After this framework of art and religion, we turn to the substantivity of symbolism, which links them both, through the veiled content present in the artistic work. The symbolic, which always accompanies human culture, in the Renaissance, will be decisive. This is because, against a unified Christianity, heretical proposals will arise, new churches, and with them crypto-Catholicism and crypto-Lutheranism, as well as the persistence of Jewish kabbalistic esotericisms or Muslim magic symbolisms, esoteric readings of Sacred Texts outside of authority, and with them, the renewed strength found in the works of the pagan authors of Rome and Greece, sometimes commented on by Egyptian and Arab authors, which will make alchemist, neoplatonic, and gnostic tendencies flourish, among other currents of initiates, all of them seeking the “Sophia” and the “Prisca Sapientia”. Not only the reality of Nature (animals, flowers and fruits, weather) or the characters, but also the motifs from mythology and fantasy, the geometric elements, the inscriptions, or the colors used, will be an area where the art of Renaissance will shape its wishes and conquests in a veiled way because the symbol is always more than the image.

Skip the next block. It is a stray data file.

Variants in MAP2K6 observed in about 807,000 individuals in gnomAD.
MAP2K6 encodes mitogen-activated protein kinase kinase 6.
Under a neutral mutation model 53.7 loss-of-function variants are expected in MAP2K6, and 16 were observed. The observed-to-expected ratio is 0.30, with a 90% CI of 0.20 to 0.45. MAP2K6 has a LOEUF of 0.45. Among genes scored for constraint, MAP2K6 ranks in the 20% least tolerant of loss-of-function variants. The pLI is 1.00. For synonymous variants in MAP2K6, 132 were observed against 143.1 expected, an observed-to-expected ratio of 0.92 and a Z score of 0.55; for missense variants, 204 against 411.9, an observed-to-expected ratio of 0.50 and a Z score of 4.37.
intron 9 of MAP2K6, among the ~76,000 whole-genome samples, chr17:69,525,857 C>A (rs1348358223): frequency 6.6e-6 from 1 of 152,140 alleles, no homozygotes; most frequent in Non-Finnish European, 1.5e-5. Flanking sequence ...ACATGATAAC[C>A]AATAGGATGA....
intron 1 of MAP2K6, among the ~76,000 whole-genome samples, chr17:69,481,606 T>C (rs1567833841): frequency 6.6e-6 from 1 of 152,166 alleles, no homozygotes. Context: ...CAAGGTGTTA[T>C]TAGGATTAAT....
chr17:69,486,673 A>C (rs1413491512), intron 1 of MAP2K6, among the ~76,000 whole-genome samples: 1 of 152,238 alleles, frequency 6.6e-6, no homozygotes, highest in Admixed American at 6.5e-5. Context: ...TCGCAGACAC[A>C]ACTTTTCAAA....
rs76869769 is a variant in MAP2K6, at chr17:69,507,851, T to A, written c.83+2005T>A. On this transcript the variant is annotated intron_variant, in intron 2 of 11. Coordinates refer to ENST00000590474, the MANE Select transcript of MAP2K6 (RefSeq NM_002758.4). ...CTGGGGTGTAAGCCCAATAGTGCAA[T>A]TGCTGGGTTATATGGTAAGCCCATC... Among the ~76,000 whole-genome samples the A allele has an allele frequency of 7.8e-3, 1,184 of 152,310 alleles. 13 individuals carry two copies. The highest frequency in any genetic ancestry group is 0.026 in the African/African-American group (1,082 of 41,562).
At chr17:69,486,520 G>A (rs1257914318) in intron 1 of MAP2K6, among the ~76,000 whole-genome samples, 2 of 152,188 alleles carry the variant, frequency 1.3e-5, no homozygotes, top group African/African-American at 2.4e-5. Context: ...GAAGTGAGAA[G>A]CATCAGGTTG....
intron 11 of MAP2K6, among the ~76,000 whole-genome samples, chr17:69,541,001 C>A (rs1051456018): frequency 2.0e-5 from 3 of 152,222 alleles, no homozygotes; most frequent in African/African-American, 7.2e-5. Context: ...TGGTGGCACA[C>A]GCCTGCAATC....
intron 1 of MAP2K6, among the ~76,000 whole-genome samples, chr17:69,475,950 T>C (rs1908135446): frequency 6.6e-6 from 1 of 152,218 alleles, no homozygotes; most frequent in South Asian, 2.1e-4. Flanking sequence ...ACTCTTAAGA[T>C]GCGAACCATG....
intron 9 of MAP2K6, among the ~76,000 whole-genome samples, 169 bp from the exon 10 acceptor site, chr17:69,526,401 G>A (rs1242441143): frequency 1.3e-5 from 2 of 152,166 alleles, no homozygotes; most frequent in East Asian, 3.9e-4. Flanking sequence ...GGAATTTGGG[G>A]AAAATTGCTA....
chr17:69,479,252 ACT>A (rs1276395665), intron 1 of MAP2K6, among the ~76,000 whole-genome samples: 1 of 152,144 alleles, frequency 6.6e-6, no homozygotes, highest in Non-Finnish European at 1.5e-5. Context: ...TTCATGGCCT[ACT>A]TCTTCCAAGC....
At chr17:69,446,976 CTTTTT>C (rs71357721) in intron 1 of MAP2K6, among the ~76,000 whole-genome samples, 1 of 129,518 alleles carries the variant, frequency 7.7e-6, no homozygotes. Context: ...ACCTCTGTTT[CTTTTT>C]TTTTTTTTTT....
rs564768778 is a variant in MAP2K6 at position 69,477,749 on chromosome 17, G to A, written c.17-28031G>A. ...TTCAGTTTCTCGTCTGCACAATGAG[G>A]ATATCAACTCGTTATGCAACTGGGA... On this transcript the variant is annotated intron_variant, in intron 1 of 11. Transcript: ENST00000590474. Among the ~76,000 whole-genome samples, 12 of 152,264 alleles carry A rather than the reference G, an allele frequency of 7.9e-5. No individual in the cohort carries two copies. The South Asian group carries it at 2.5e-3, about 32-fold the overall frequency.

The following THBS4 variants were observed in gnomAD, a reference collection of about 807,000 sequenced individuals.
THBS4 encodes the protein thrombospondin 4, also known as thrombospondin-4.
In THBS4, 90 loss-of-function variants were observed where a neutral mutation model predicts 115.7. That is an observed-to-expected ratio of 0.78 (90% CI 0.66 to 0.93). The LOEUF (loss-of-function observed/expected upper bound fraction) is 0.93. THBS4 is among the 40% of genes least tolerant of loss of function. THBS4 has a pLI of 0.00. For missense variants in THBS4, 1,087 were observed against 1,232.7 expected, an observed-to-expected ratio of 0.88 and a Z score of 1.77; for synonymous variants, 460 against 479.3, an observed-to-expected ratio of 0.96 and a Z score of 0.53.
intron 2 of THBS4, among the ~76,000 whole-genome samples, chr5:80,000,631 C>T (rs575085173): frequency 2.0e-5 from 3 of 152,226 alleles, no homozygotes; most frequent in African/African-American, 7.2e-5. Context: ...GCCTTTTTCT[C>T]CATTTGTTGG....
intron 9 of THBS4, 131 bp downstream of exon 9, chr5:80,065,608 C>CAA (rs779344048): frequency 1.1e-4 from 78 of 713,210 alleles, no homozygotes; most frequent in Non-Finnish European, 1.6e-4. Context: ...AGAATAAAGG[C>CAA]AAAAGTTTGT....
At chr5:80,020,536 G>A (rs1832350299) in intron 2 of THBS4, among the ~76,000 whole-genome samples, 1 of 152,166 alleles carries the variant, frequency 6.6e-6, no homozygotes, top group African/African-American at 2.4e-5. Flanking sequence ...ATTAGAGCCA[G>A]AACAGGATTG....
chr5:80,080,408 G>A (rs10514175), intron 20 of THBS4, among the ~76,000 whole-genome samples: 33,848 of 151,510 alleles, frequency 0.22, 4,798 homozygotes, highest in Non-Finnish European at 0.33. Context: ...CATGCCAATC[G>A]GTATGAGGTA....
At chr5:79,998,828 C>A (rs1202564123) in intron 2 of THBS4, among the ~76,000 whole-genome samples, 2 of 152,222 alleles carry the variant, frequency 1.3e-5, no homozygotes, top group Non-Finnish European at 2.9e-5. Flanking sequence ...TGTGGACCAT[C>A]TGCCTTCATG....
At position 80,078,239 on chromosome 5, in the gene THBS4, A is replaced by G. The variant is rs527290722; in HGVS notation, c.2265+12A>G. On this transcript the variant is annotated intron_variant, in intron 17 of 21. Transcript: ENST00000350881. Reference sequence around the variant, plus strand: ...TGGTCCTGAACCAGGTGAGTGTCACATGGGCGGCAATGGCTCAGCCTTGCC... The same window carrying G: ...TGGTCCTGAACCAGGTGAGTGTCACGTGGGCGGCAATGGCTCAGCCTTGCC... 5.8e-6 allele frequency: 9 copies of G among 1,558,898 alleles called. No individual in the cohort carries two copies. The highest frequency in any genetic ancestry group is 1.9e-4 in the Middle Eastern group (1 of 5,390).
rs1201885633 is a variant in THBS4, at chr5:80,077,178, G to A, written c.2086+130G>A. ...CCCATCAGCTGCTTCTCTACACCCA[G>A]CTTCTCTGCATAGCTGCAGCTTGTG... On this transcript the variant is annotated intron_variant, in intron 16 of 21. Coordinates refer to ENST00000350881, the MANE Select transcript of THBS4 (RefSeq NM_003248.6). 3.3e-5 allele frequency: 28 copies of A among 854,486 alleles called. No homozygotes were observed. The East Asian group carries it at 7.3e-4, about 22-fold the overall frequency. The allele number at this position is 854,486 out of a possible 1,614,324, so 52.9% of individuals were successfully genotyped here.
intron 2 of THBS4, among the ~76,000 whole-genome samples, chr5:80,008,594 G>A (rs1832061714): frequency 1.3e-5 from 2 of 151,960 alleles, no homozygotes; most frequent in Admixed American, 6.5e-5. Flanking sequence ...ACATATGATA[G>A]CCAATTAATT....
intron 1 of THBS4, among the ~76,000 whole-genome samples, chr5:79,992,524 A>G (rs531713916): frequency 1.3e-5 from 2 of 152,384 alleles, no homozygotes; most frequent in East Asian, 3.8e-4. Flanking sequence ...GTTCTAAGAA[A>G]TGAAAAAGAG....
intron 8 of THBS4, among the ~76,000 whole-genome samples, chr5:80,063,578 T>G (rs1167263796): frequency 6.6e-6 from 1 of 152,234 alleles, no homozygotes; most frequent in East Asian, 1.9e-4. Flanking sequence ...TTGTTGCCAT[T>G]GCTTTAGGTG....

In this Special Issue, we call for novel research articles that help to better understand the relationship between symbolism, art, and religion during this period. We especially welcome research that expands on the usual themes and authors. We are grateful that they collect the relationship with little explored aspects. Additionally, the extension and geographical diversity of the subject of this Special Issue is an aspect to which we call attention to better understand how Renaissance ideas and the symbols that guarded them were adapted, we could say, in theological terminology, were incarnated, in different places.
Dr. Vicente Jara Vera